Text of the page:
Towards that goal, here is some timely advice from an unutterably dull, overweening, self-righteous bell end.
Jules Birch, founder of Works with Water Nutraceuticals, explains: “Following England in the World Cup is often a very stressful and all-absorbing experience. Football fans are likely to experience high blood pressure through stress, smoking, drinking and eating junk food, which directly increases the risk of cardiovascular disease including heart attacks and strokes”Apart from that, enjoy yourself ... if it's possible.
A man’s safe daily unit limit is 4, or just one pint of 4% or stronger lager. Every additional pint raises systolic blood pressure by another 4 mmHg, so just 5 pints takes blood pressure into red card territory. During the last World Cup in 2006, 815 million pints were sold in the UK, 60 million more than the previous June.
Episodes of anxiety cause dramatic spikes in blood pressure. If these temporary episodes occur frequently they can cause just as much damage to blood vessels and to major organs such as the heart and kidneys as consistently high blood pressure. Furthermore, when you’re anxious you're more likely to resort to other unhealthy habits such as smoking, drinking and overeating.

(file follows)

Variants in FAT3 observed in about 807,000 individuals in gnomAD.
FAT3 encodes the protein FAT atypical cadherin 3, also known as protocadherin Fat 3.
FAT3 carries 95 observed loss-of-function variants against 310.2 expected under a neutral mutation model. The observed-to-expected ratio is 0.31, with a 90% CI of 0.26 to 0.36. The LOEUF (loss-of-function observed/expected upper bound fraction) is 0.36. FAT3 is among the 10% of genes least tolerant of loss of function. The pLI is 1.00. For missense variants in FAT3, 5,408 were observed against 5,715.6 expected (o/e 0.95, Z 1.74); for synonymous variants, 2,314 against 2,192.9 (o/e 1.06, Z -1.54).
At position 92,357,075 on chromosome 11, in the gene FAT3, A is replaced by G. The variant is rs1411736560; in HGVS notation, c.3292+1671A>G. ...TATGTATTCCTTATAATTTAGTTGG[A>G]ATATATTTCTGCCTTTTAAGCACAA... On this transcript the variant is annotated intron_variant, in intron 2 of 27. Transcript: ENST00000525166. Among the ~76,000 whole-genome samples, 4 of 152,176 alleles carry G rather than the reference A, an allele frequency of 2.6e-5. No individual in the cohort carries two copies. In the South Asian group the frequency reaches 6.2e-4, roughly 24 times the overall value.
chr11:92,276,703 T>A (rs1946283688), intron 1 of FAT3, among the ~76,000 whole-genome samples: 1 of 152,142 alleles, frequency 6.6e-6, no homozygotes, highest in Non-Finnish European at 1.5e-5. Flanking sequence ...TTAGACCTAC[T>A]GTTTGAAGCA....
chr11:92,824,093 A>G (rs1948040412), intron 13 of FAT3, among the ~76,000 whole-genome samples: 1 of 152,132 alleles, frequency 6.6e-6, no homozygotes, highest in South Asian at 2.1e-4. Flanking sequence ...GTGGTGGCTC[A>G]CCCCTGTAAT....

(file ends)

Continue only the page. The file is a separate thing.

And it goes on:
For many of us, typical World Cup celebrations will include a large quantity of high calorie, salty party food, raising blood pressure even more. To maintain a healthy level, Jules Birch from Works with Water Nutraceuticals recommends an adult should eat no more than 6g of salt a day, and that any food with more than 20g total fat or 5g saturated fat per 100g of food should be avoided completely. Unfortunately, one of Britain’s half time favourites, pizza, often contains 15g saturated fat and at least 3g of salt.
Or, you could avoid it altogether seeing as the game "distract[s] the populace from political injustice and compensate[s] them for lives of hard labour".
And we always thought watching a football match was a fairly uncomplicated matter, eh. Who knew?